According to the essay "Why I Write," what are the reasons that one must write for the sake of themselves and society?

Expert Answers

An illustration of the letter 'A' in a speech bubbles

George Orwell is one of the most influential writers of the twentieth century. His novels, novellas, essays, and journalistic output have inspired countless writers who came after him. His essay "Why I Write" is a favorite among aspiring writers. The essay not only articulates Orwell 's genesis and motivations as...

Unlock
This Answer Now

Start your 48-hour free trial to unlock this answer and thousands more. Enjoy eNotes ad-free and cancel anytime.

Start your 48-Hour Free Trial

George Orwell is one of the most influential writers of the twentieth century. His novels, novellas, essays, and journalistic output have inspired countless writers who came after him. His essay "Why I Write" is a favorite among aspiring writers. The essay not only articulates Orwell's genesis and motivations as a writer, it also serves as a guide for those wanting to use the literary arts for social change and political expression.

Orwell is famous for his criticisms of the British Empire's imperialist foreign affairs ("Shooting an Elephant"). He is also an observant critic of government control (1984 and Animal Farm) and outdated social structures (Keep the Aspidistra Flying).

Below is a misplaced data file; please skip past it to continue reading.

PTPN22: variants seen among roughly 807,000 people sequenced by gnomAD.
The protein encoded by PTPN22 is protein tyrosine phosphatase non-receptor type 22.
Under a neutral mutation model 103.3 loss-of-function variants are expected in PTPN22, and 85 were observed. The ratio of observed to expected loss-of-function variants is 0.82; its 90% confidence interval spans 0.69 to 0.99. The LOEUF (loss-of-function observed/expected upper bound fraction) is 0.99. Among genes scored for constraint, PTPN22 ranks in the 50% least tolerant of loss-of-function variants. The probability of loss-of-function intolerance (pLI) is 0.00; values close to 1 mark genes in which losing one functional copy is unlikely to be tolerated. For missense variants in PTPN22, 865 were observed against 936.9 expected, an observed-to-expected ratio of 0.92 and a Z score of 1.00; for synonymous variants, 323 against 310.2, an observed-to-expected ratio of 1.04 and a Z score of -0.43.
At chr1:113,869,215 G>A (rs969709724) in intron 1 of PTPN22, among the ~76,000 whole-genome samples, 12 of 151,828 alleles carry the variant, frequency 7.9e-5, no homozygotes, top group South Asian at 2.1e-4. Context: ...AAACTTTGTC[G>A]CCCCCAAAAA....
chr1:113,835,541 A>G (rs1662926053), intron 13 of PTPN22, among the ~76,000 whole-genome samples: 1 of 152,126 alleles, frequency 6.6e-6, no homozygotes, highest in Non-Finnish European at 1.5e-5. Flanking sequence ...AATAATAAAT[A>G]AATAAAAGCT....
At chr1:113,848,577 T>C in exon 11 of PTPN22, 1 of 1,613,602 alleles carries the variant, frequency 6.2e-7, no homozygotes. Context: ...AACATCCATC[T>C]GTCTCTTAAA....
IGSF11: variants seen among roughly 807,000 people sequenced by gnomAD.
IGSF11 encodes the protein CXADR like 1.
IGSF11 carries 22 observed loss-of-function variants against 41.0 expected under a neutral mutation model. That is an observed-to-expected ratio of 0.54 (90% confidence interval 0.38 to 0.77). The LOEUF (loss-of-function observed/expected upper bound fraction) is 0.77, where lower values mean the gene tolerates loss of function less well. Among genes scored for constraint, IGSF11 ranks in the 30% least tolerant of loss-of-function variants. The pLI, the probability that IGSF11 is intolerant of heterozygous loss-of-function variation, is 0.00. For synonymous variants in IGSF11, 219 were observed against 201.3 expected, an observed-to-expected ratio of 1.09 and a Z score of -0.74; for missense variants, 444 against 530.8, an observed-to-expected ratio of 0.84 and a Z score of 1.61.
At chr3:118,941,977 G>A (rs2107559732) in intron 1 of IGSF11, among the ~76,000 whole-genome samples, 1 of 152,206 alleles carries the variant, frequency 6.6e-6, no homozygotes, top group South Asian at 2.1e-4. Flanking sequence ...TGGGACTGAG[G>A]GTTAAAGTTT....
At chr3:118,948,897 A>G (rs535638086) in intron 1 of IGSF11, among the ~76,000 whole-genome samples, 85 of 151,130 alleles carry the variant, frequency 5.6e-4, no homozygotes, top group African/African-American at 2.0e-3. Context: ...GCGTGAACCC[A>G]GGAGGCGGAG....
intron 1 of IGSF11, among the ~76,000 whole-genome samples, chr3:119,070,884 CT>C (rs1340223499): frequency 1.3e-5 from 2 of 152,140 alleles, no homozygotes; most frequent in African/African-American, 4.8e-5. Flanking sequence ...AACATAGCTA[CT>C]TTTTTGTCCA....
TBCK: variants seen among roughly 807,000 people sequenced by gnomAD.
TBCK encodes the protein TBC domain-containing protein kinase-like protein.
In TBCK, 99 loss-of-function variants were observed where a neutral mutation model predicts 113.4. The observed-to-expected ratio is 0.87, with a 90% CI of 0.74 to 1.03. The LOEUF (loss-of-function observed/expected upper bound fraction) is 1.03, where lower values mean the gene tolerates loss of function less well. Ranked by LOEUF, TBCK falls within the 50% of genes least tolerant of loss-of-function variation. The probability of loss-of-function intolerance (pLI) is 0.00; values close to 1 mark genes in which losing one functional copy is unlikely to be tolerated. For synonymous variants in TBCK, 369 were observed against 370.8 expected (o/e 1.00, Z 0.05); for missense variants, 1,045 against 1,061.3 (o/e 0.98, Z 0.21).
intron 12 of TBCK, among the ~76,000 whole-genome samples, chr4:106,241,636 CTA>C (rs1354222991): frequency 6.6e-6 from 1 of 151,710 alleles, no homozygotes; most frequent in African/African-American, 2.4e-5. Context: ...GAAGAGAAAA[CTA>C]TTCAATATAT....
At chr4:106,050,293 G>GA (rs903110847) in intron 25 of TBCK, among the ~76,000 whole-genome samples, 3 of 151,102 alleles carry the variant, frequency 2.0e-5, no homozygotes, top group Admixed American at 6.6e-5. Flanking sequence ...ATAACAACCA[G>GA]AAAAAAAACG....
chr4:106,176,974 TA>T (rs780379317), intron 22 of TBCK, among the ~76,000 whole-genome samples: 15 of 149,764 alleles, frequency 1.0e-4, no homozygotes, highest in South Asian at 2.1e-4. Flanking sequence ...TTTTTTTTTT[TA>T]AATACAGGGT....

In "Why I Write," Orwell states that he is left with "facing unpleasant facts." In the essay "Shooting an Elephant," Orwell tells the story of being an officer in Burma and how he had to deal with the unpleasant facts of being part of an imperial government. These types of experiences helped him develop his writing style and inspired the recurring topics in his later works.

Orwell suggests that writing and social commentary cannot be divorced and concludes that an author writes out of a primal need. As humans, we react to external stimuli and experiences, and writing is a medium in which to articulate those experiences. It is similar to a feedback loop on a circuit board. An input, such as experiencing the authoritarian oppression of government, will eventually lead to an output, which in Orwell's case is writing.

Orwell also talks about the revolutionary nature of writing. As a journalist himself, he opines that journalists of his time are concerned by the greater matters of politics, social issues, and economic disparity. For this reason, he indirectly advises young writers to not only write for themselves (i.e., out of a need for expression), but also to contribute positive change to society.

Approved by eNotes Editorial Team